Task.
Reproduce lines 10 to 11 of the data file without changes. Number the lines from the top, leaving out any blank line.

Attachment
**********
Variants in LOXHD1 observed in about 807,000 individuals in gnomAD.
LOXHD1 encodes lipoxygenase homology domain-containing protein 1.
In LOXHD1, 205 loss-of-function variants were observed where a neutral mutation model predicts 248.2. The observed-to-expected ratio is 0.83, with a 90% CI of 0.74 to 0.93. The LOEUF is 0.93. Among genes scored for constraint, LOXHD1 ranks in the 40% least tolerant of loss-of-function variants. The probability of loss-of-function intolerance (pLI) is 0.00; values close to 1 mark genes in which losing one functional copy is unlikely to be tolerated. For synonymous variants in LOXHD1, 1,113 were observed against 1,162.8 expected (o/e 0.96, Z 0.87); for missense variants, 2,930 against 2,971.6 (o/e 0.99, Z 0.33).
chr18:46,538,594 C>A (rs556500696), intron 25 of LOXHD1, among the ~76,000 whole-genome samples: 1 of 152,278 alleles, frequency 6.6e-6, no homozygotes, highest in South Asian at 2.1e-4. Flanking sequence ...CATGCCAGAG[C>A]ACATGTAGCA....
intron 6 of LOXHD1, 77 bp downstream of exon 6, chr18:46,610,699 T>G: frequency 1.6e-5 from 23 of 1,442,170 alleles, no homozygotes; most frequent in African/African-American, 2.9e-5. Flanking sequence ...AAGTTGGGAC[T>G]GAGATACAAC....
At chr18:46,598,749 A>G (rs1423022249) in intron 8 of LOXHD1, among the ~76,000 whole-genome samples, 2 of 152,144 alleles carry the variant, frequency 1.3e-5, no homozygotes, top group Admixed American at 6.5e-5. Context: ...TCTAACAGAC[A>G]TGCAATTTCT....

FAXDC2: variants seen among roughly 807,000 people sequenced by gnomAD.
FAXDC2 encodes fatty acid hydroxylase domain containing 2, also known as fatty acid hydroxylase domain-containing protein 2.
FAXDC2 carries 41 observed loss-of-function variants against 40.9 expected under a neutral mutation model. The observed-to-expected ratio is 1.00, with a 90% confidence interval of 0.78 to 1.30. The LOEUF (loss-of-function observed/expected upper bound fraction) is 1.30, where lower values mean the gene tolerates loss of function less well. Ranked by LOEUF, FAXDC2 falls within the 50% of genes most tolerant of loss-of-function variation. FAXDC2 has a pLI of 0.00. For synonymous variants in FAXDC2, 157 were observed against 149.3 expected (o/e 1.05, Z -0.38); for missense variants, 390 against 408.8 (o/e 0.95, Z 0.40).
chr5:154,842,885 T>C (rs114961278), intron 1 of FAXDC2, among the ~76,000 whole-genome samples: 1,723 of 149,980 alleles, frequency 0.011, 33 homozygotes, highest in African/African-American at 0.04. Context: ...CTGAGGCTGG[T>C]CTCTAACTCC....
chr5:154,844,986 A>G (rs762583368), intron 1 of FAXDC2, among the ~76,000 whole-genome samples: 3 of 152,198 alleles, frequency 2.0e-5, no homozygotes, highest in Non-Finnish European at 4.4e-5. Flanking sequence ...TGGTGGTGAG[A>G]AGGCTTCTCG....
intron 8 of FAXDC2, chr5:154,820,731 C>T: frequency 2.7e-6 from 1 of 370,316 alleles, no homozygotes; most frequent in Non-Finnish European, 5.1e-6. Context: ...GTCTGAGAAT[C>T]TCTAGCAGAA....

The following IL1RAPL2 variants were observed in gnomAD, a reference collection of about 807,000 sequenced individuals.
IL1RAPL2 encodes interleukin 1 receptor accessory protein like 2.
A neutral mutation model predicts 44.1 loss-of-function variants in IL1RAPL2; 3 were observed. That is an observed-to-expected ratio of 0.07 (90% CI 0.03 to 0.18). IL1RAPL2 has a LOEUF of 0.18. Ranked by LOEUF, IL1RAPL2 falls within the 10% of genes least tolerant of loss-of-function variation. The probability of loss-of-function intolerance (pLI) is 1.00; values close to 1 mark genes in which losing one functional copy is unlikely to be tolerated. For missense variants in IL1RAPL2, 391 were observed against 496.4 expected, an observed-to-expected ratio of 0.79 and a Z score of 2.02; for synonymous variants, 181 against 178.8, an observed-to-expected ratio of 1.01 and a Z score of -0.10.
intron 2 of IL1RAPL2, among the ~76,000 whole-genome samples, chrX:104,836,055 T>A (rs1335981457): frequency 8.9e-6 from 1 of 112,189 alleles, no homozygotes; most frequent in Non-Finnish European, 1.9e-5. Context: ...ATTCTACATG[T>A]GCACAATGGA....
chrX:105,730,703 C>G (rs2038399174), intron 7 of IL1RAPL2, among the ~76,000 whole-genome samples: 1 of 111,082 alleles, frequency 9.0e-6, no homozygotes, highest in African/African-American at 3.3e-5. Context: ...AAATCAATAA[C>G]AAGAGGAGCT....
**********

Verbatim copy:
chr5:154,842,885 T>C (rs114961278), intron 1 of FAXDC2, among the ~76,000 whole-genome samples: 1,723 of 149,980 alleles, frequency 0.011, 33 homozygotes, highest in African/African-American at 0.04. Context: ...CTGAGGCTGG[T>C]CTCTAACTCC....
chr5:154,844,986 A>G (rs762583368), intron 1 of FAXDC2, among the ~76,000 whole-genome samples: 3 of 152,198 alleles, frequency 2.0e-5, no homozygotes, highest in Non-Finnish European at 4.4e-5. Flanking sequence ...TGGTGGTGAG[A>G]AGGCTTCTCG....